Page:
Tell Us Your Story …

By | September 5, 2013

Attending the annual Bridge to Integrated Marketing two weeks ago, I had a frank conversation with a printer I’ve know for years.

He sells for a mid-size shop that’s been in business a long time. About a year ago, his shop was asked to bid on a sizable job. The shop got out pencils and calculators and ended up bidding a competitive price that was low, but left a small profit in place. They won the bid and got the contract for a year.

A few weeks ago, the contract came back up for bid. When the bids shook out, my friend’s shop remained the top contender … except for one very large and quickly growing printing enterprise. These folks not only beat my friend’s bid, they came in 20% lower. Twenty percent! “There’s no way they aren’t losing money on that bid,” he said. “But there was no way for us to compete.”

It’s just business, you say? Maybe.
But as competition evaporates, we all know that prices will go up.

Corporate Visions polled more than 800 respondents to better understand how marketers and salespeople use technology and techniques to influence sales opportunities. Key takeaways from the Corporate Visions survey include:
• Price pressure is on the rise, with 89 percent of respondents citing a three-year trend of prospective customers asking sellers to “cut the price.”
• About half the time, getting the business also means giving away profit.

Maybe nobody can fight against a 20% lower price quote. That’s just wicked. But if the customer has enough information to understand what a smooth printer/client relationship looks like, it helps. Maybe that’s where story-telling comes in.

It would be great to spread the word on “Why Price Isn’t Everything.”
We already know part of that story, at least in a macro sense. When price goes down, people lose their jobs, real service gets replaced by tele-reps, work gets outsourced, options shrink. Etc.

But what about the authentic, every-day examples of all the important considerations in choosing a printer?

What if we could point to some stellar examples of our real-life customer service in the printing industry ..
• of press professionals or quality control folks who save the day …
• of shops that run the extra mile (or a marathon) for customers …
• of industry pros who know of and connect their clients to the right people …
• of recommendations on paper or production that save a bundle …
• of shops who teach their customers all the little ways to save on production and mailing …
• of the mailing geeks who manage to keep up with the U.S. Postal Service ..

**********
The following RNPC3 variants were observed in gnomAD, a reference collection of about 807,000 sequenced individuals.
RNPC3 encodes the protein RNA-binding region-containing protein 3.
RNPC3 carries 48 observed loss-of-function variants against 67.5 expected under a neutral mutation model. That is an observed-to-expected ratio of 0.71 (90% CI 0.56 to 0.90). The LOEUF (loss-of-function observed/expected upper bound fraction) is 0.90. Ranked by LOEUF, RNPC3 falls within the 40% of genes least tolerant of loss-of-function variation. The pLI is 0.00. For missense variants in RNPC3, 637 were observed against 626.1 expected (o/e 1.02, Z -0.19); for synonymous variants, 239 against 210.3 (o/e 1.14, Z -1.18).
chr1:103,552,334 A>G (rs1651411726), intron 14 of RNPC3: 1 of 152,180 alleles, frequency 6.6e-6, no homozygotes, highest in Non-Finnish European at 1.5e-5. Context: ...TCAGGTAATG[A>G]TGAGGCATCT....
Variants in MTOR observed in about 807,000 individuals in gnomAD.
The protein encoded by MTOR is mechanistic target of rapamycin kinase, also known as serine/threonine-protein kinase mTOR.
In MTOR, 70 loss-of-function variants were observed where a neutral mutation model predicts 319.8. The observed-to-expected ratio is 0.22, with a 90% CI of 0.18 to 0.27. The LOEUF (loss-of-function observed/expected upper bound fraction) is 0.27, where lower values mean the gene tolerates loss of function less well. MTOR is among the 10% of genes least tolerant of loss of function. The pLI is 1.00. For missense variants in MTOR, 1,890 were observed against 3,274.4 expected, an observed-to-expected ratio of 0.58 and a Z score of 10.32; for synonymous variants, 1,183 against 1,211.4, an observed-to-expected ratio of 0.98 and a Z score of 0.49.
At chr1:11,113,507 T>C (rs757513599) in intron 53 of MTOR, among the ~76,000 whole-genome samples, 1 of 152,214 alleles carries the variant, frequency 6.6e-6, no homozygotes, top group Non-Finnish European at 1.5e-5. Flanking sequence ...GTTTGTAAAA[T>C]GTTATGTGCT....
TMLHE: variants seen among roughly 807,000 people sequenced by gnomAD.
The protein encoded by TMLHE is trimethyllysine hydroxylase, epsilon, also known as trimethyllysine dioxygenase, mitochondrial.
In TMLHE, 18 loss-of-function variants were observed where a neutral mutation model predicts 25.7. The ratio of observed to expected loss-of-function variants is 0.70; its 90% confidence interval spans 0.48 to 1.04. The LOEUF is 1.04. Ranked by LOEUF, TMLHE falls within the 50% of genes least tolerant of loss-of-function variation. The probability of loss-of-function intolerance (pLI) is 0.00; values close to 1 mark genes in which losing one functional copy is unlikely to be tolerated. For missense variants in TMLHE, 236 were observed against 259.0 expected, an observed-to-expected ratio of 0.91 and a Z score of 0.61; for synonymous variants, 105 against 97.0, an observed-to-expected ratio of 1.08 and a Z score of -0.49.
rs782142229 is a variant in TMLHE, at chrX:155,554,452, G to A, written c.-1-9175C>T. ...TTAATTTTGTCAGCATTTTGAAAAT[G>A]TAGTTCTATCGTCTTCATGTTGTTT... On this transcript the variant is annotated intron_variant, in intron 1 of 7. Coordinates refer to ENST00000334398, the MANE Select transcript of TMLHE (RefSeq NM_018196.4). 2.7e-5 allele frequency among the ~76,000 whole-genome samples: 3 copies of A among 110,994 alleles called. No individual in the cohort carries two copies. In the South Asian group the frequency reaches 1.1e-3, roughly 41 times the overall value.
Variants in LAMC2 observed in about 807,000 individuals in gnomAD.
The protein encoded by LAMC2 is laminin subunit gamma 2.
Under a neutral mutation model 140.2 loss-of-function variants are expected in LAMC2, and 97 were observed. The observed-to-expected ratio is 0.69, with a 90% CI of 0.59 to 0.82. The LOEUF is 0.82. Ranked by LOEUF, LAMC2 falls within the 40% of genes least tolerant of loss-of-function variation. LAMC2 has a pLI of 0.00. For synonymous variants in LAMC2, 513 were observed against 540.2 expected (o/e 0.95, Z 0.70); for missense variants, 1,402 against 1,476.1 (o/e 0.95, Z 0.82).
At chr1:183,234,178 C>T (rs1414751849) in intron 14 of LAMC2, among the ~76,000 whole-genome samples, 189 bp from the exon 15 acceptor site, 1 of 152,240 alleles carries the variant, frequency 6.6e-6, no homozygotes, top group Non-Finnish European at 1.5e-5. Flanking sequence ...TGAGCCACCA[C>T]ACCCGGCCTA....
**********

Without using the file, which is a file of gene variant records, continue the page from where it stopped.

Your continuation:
• of the geniuses who make personalization and variable data printing actually come out right at the end …
• of the printers who write customer-centric blogs and newsletters to help clients learn from one another …
• of the important role printers play in communities …

Do you think your customers would care? Is it worth it to share these stories of “Why Price Isn’t Everything”?

I’m sure listening …

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3 thoughts on “Tell Us Your Story …

  1. Kostagh

    Sorry to disappoint… Our customers STILL believe price IS everything. We’ve even had one who, after more than 5 years of printing his magazine in our plant, has left us for a diminishing of less than 1% of the total value of his monthly order. That was somewhere in the vicinity of 20-30 USD per month…

  2. Ralph Irwin

    There is still value to be communicated. I made the hard decision to stop bidding on government work at the end of 2011 and what did it force me to do? Communicate the value we can bring to our customers and their business. After learning and still learning to do that we have secured two large corporate wide clients that have more than filled in the GPO work. A recent communication from one of the customers is below. Enjoy and be encouraged, not everyone sees price only. This email came back to me after pricing a large order and trying to stay within my customer’s budget but maximizing his mailing.

    Ok let’s do that but only if you are ok with the .22 if I need to pay .23 I am ok with that also. I want to be fare. You do a great job for me and I am not going to haggle you on prices.

    Send me an invoice and yes its ok to print

    Also could you summarize zip codes and count so I can keep it in my notebook


  3. Nancy Scott

    Thanks for this uplifting story, Ralph. If you get a chance, could you tell us a little more about HOW you “communicate the value” … what you emphasize, how you demonstrate differences, what shop capabilities you bring into the conversation beyond price, how you stay connected to customers w/o being obnoxious, what YOU see as the “customer service” must-dos… etc.

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